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Dharamshala – A Tibet in exile by Stéphanie

Moine kora Dharamshala

23 June 2015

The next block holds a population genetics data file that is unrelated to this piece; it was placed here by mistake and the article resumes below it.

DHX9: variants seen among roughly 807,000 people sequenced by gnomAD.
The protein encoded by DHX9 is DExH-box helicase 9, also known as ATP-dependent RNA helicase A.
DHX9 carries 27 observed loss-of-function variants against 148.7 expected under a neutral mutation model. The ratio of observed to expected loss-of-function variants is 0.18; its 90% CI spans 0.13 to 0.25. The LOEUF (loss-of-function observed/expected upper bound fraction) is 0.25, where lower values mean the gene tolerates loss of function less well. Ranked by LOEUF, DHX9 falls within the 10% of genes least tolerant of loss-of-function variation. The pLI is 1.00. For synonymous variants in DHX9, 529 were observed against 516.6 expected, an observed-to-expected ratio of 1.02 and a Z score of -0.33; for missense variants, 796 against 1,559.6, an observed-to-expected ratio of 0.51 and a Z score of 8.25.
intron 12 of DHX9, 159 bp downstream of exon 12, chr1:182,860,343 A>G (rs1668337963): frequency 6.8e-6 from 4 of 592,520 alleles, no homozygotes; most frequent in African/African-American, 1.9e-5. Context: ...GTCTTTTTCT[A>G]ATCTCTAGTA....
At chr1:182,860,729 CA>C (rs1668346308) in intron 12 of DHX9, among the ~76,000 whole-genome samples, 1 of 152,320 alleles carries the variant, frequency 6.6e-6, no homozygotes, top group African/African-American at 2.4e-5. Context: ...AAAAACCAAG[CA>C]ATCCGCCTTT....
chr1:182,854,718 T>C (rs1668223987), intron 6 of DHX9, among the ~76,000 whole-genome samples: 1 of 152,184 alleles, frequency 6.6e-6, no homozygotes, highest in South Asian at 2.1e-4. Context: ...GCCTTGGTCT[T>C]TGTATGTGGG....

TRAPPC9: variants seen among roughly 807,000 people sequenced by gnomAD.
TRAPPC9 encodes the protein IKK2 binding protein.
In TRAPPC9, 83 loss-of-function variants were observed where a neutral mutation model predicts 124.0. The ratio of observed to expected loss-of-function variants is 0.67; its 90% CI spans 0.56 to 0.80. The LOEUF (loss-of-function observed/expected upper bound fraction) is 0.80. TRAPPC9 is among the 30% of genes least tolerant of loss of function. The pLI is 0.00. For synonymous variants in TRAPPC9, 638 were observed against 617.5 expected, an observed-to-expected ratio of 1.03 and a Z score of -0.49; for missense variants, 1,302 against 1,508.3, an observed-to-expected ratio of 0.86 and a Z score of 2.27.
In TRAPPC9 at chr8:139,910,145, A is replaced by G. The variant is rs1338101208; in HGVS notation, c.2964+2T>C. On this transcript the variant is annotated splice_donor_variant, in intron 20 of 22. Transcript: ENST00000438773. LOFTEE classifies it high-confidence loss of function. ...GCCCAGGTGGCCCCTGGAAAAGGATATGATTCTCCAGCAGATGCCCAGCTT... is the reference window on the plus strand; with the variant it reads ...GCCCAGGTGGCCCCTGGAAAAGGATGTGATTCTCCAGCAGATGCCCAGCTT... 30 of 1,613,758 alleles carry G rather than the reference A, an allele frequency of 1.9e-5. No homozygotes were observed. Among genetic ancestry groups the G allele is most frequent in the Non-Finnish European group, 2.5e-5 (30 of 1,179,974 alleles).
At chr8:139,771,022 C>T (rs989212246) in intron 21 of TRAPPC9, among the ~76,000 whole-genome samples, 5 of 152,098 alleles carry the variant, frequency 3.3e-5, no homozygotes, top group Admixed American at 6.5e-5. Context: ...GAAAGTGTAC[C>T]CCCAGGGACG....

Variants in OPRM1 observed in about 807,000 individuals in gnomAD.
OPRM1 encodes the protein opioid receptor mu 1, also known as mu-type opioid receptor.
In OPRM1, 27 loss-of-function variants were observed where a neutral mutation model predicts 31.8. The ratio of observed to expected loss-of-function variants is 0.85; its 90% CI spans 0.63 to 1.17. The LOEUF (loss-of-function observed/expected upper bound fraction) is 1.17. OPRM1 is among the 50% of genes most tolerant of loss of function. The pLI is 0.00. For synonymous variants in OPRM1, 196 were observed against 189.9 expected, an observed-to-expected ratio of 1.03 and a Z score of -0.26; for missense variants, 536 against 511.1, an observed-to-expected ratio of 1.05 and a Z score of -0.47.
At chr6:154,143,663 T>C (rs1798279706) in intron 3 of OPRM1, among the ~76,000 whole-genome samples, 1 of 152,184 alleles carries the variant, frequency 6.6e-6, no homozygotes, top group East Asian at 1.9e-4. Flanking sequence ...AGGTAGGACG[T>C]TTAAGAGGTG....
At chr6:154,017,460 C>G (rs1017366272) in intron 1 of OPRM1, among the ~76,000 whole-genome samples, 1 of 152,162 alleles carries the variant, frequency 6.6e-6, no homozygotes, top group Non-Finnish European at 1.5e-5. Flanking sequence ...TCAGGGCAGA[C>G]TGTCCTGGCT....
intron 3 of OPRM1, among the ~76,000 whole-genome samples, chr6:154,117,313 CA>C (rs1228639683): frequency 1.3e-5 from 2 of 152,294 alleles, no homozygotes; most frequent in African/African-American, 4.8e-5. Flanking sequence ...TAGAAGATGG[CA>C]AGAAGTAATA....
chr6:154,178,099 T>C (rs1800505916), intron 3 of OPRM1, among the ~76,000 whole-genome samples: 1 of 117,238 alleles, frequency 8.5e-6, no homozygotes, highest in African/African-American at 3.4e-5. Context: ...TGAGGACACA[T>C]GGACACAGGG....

Dharamsala is situated in the foothills of the Himalayan Dhauladhar Range, in Himachal Pradesh, northern India. The area is a global, cultural and religious meeting point, where first- and second-generation Tibetan monks and refugees rub shoulders with local Gaddi villagers, Kashmiri businesspeople and travellers from all over the world. It offers a huge diversity of sights, activities and attractions. Dharamsala is divided into four main areas – McLeodganj, Bhagsunag, Lower Dharamsala and Naddi. McLeodganj was named after David McLeod, the British Empire’s Lieutenant Governor of Punjab. It is now the home of the Dalai Lama and the Tibetan government-in-exile. During high season, the town throngs with tourists and spiritual pilgrims. McLeodganj’s major landmark is the Thekchen Choling, which houses the Dalai Lama’s residence and the Tsuglagkang (main temple). Of simple design, and built from concrete, the complex provides Tibetan refugees with a gathering place for prayer. Its plainness reflects the Dalai Lama’s decision not to build in lavish Tibetan style, but rather to respect the refugee community’s limited means. Radiating from the main square, McLeodganj’s narrow streets are lined with hotels, internet cafes, shops and stalls, selling everything from Kashmiri shawls to goat-blood sausages, turquoise and coral jewellery, musical instruments and Tibetan hand-made paper. The town’s restaurants range from Tibetan to Punjabi, Italian, French, Chinese, Korean, Japanese and Israeli. Adjacent to the main temple are the Institute of Buddhist Dialectics and Namgyal Monastery, from amongst whose monks the Dalai Lama’s personal attendants are chosen. The Mani Path, behind the palace, leads to a home for retired members of the Tibetan administration. A five-minute taxi ride down the steep jeep road towards Dharamsala lies the Gangchen Kyishong, the seat of the Tibetan government-in-exile. Here, the Assembly of Tibetan People’s Deputies oversees the running of all government departments, including religion, culture, education, health and finance, as well as contributing to the struggle for a free Tibet. The government complex also houses the Library of Tibetan Works and Archives which, built in 1971, contains statues, paintings and books, many of which were salvaged from Tibetan monasteries and temples by escaping refugees. Two minutes’ further walk takes you to the Men Tse Kang Tibetan Medical and Astrological Centre. The medical centre contains the largest Tibetan pharmacy outside of Tibet, to which staff bring medicinal plants gathered from around Himachal Pradesh for processing. Lower Dharamsala was founded as a military cantonment by the British in […]

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